U.S., EU Reach WTO Tariff-Quota Pact Post Brexit, USTR Says
The European Union and the U.S. have reached an agreement after two years of talks on how to adjust so-called tariff-rate quotas that had to be renegotiated after the U.K. left the bloc.
The negotiations took place under World Trade Organization procedures and will determine how to split TRQ quantities between the 27-nation region and the U.K., the office of the U.S. Trade Representative said in an emailed statement Monday. The parties will sign and implement the agreement after the EU completes “formal approval procedures,” the USTR said. It didn’t provide more detail about the pact.
Tariff-rate quotas allow countries to export specified quantities of a product to other nations at lower duty rates, but subject all imports of the product above a pre-determined threshold to a higher duty, according to the USTR’s website.
“Once implemented, this agreement will provide market access certainty for U.S. producers and exporters to the EU,” acting USTR Maria Pagan said.
In 2019, some WTO members criticized the EU’s unilateral plan to divide its joint WTO tariff-rate quota obligations with the U.K., which left the bloc at the end of last year.
At the time, New Zealand said that by cutting back tariff-rate-quota commitments, the EU and the U.K. are acting contrary to the objectives of trade liberalization, non-discrimination, and tariff reduction.
The issue centered on the most important part of the EU and the U.K.’s membership in the WTO -- their schedules of concessions, which outline tariff rates and other trade rules by which other countries may export goods and services to the European marketplace.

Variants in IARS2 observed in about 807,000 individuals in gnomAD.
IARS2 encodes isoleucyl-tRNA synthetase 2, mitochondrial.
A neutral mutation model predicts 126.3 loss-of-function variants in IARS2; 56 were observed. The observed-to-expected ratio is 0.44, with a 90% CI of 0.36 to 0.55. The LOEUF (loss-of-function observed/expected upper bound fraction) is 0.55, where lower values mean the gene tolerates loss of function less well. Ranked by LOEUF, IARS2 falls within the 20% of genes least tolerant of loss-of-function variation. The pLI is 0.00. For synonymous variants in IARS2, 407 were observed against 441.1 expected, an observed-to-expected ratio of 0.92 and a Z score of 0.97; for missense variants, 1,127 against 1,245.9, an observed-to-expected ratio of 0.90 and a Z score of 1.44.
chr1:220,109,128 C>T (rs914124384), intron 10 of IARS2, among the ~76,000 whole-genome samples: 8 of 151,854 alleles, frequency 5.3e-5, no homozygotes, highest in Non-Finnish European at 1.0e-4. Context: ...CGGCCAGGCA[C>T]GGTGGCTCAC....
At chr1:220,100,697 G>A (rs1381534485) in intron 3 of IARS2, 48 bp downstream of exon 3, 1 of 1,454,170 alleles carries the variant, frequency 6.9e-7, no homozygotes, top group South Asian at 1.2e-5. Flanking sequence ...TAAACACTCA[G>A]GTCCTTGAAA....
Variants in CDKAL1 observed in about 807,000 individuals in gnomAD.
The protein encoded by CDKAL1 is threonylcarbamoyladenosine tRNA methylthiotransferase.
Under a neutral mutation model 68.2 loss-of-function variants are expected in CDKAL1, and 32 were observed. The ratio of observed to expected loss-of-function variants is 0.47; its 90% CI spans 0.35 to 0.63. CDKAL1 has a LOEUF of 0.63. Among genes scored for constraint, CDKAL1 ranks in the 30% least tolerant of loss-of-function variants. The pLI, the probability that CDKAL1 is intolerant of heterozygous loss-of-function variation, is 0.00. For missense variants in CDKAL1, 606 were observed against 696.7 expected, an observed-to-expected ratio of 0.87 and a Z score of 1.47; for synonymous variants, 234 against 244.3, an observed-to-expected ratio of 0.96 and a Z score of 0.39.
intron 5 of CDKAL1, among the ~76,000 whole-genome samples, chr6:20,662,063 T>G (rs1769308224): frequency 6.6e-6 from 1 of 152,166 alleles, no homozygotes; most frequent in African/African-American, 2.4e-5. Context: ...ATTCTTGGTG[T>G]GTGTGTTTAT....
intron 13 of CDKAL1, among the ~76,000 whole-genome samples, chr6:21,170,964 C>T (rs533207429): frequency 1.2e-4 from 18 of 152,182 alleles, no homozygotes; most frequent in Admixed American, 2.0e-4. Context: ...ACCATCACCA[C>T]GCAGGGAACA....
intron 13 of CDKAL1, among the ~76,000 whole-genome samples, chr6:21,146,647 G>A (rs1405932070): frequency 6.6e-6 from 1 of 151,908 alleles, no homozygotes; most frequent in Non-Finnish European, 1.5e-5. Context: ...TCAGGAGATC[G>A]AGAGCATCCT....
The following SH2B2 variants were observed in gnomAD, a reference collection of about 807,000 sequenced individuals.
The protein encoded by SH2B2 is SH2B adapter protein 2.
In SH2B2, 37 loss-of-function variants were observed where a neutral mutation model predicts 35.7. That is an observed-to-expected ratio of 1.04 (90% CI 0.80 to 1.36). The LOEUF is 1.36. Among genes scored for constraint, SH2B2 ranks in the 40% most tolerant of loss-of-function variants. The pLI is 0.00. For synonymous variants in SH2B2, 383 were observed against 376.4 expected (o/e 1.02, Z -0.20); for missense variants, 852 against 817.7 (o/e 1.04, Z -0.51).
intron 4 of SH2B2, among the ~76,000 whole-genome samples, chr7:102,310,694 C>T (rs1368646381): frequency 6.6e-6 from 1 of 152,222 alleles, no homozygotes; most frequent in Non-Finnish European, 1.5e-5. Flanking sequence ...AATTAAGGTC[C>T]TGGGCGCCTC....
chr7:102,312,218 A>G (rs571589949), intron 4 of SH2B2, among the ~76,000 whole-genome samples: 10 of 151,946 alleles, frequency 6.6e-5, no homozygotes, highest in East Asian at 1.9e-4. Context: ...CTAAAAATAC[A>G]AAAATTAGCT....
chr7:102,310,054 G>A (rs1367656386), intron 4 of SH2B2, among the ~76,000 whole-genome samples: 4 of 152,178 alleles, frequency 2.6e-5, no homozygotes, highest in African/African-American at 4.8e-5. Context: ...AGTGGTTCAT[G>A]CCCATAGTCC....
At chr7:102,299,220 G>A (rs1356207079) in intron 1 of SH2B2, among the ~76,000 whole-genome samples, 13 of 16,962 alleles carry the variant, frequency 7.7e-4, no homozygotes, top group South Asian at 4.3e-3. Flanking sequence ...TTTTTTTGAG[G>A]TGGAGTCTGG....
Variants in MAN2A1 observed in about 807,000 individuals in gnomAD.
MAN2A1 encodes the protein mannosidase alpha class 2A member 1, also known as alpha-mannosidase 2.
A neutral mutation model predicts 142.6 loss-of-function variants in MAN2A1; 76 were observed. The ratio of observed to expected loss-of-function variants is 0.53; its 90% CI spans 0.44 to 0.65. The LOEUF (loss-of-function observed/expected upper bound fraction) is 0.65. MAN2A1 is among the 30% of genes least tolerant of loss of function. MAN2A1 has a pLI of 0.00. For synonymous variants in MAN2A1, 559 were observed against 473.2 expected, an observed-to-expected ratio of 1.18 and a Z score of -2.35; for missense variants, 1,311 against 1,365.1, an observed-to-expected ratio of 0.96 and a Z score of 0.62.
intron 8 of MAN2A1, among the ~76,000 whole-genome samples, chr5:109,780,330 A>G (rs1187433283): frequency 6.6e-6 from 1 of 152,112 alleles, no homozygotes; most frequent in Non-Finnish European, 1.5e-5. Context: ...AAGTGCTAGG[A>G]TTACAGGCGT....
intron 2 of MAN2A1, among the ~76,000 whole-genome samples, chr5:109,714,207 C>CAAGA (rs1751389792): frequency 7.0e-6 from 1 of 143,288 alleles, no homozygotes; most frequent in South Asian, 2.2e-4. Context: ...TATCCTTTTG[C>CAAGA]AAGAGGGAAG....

Since the U.K. didn’t possess an independent schedule at the WTO, it offered to replicate the EU schedule and split their joint commitments, which set import limits on sensitive agricultural goods.
In 2018, the European Commission approved a mandate that would unilaterally impose a simple formulaic split of Europe and Britain’s joint trade quotas according to historical trade data -- even if the move is rejected by other WTO members.
Now that the tariff-rate quotas have been settled, agricultural exporters to the EU and U.K. will have to be on guard for how those levels could impact their shipments, said Deborah Elms, executive director of the Asian Trade Centre. If the EU’s tariff-rate quotas now lean more toward members that import fewer products than others, foreign firms could lose out.
The agreement could also prove a critical test of future U.S.-EU trade negotiations, Elms said.
“There are no other trade arrangements in place between the U.S. and the EU and the U.S. and the U.K.,” she said. “Getting it ‘wrong’ now means using a baseline for any future trade negotiations that is less favorable to the U.S.”
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